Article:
CS161 -- Section 1 -- McConnell   

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CS161 Overview, Sections 1 and 220

Course Description

Prerequisites: CS160 or CS153 with a C or better; M124, M126 (both with a C or better).

CS161 is designed to introduce students to object-oriented programming by building on the understanding of procedural programming presented in CS160. As in CS160, the course is structured to interleave theory, discrete math, and programming concepts.

The core of the course is an extensive study of the use of Java classes and objects, and use of proof techniques from discrete mathematics in designing and analyzing a method or program.

See below for the required texts. To get a detailed understanding of the course topics, leaf through the core readings from our texts. The core readings from Prichard and Carrano will be, Ch. 3 (recursion), Ch. 4 (Data abstraction and introduction to classes), Ch. 5 (Linked lists and applications), and Ch. 6 (Recursion as a problem-solving technique). If you have the fifth edition of Rosen, the core readings will be Sections 3.1-3.3 (analyzing the efficiency of algorithms), Chapter 4 (mathematical induction and recursion), and 5.1-5.4 (principles of counting). Chapters 4 and 5 of the fifth edition are numbered 5 and 6, respectively, in the sixth edition. We allow either edition because the textbook is expensive and there are used copies of the fifth edition available. Last semester, almost all students used the fifth edition. There will be some reading handouts, and you will find your CS160 text to be a useful reference in this course.

This course is essential for majors and other students who intend to use object-oriented programming to solve problems and who intend to write complex software. The course would be useful to any student intending to pursue Computer Science or Information Technology as a career.


Data Abstraction and Problem Solving with Java: Walls and Mirrors, 3rd edition
Janet J. Prichard and Frank M. Carrano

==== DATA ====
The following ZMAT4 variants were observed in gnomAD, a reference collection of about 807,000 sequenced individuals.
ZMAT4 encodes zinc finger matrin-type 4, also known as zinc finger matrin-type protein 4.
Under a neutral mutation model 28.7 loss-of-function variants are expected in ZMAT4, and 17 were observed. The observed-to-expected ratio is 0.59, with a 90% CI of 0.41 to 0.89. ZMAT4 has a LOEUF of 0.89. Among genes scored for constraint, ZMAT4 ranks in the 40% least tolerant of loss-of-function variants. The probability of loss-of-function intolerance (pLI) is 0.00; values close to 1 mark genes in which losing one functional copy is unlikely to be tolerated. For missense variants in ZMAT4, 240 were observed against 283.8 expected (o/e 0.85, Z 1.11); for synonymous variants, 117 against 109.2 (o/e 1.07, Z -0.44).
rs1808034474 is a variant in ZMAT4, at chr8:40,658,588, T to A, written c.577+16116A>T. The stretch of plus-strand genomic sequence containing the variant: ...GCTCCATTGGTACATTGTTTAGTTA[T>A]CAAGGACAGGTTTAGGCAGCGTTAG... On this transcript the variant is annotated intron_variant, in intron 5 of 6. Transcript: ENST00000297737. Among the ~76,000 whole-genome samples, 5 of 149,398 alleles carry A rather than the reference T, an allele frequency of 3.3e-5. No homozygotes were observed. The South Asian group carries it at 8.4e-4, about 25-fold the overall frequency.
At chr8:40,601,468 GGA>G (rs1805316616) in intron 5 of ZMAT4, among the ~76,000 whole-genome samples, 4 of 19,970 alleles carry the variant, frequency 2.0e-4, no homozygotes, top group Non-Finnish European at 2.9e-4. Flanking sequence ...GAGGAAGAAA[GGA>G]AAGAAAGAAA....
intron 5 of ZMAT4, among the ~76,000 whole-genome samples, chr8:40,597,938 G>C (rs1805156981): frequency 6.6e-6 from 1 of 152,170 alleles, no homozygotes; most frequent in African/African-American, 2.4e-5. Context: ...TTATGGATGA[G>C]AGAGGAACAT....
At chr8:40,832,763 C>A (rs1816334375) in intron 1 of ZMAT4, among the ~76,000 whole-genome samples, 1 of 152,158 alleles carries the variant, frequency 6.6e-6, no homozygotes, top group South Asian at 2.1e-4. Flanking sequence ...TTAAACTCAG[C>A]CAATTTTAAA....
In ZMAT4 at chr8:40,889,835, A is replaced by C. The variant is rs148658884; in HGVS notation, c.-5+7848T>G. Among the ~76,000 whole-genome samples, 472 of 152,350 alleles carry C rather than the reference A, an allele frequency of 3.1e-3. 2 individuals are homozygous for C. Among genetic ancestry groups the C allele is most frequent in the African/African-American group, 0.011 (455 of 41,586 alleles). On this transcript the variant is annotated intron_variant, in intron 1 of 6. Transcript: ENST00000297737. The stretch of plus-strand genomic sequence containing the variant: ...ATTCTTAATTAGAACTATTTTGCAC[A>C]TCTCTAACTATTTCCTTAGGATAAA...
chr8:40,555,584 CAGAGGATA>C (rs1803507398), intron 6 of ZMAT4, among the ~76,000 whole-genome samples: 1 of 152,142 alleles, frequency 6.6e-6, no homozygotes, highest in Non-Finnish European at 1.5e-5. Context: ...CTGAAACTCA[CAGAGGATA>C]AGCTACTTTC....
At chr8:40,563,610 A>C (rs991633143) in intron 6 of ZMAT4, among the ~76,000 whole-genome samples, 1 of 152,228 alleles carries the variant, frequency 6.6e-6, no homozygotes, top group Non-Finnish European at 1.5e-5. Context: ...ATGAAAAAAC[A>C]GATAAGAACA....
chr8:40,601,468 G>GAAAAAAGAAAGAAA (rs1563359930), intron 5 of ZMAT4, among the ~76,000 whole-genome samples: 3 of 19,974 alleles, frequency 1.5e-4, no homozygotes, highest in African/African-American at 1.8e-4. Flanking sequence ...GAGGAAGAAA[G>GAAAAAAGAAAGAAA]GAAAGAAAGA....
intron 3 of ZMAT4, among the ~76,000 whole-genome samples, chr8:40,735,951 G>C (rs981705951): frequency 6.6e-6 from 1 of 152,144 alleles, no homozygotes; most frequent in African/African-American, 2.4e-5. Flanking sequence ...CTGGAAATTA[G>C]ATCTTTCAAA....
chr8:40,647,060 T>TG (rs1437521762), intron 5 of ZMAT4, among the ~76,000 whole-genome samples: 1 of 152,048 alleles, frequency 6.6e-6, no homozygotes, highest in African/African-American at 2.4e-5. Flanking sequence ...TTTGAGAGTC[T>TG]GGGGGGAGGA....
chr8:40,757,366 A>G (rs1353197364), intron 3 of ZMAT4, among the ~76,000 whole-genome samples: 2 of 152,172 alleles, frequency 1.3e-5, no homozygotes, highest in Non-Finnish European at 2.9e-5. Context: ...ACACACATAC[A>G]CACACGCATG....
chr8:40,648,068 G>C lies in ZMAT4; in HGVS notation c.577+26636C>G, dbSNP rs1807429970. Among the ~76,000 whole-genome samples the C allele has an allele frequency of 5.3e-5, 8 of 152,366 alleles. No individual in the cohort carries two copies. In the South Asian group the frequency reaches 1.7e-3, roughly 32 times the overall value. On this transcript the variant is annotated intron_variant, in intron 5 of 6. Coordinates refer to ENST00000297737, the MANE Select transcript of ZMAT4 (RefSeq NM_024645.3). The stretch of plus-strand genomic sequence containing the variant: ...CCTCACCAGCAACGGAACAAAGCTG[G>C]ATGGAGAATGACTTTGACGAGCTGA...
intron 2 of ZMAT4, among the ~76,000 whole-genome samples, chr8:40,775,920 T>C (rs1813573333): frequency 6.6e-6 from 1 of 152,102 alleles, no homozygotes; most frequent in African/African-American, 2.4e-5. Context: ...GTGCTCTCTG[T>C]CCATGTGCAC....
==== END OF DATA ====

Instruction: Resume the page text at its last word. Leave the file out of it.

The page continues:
Discrete Mathematics and its Applications fifth or sixth edition (your choice)
Kenneth R. Rosen

Instructor for this section

Ross McConnell: Sections 1 and 220
   Computer Science Building 466
   Office Hours: MWF after class; if you can't make them, you can come to my CS520 office hours, MWF 10:50, CSB 325. You can attend other recitations besides the one you are assigned to, and ask for help from the T.A.
   my three initials {AT} @cs.colostate.edu (my middle initial is M)

Teaching Assistants

Nissa Osheim, Room 130, Computer Science Building
   Office Hours: Mon. 3-5, Wed. 9-11, osheim at-sign rams dot colostate dot edu

Amanda Handler: Room 130, Computer Science Building
   Office Hours: Fri. 11-1

Nathan Lighthart: Room 130, Computer Science Building
   Office Hours: Fri. 3-5, nlighth1 at-sign rams dot colostate dot edu



All recitations meet in the Computer Science Building, Room 215 No recitations the first week of class. Recitation attendance: You are expected to attend one recitation a week.

Professional Conduct

We (the instructor and the GTAs) assume you are familiar with the policies in the student information sheet for the department. The guidelines outlined in these documents will be followed in this course.

I have been asked by the Department to post the Departmental Code of Conduct on this page.

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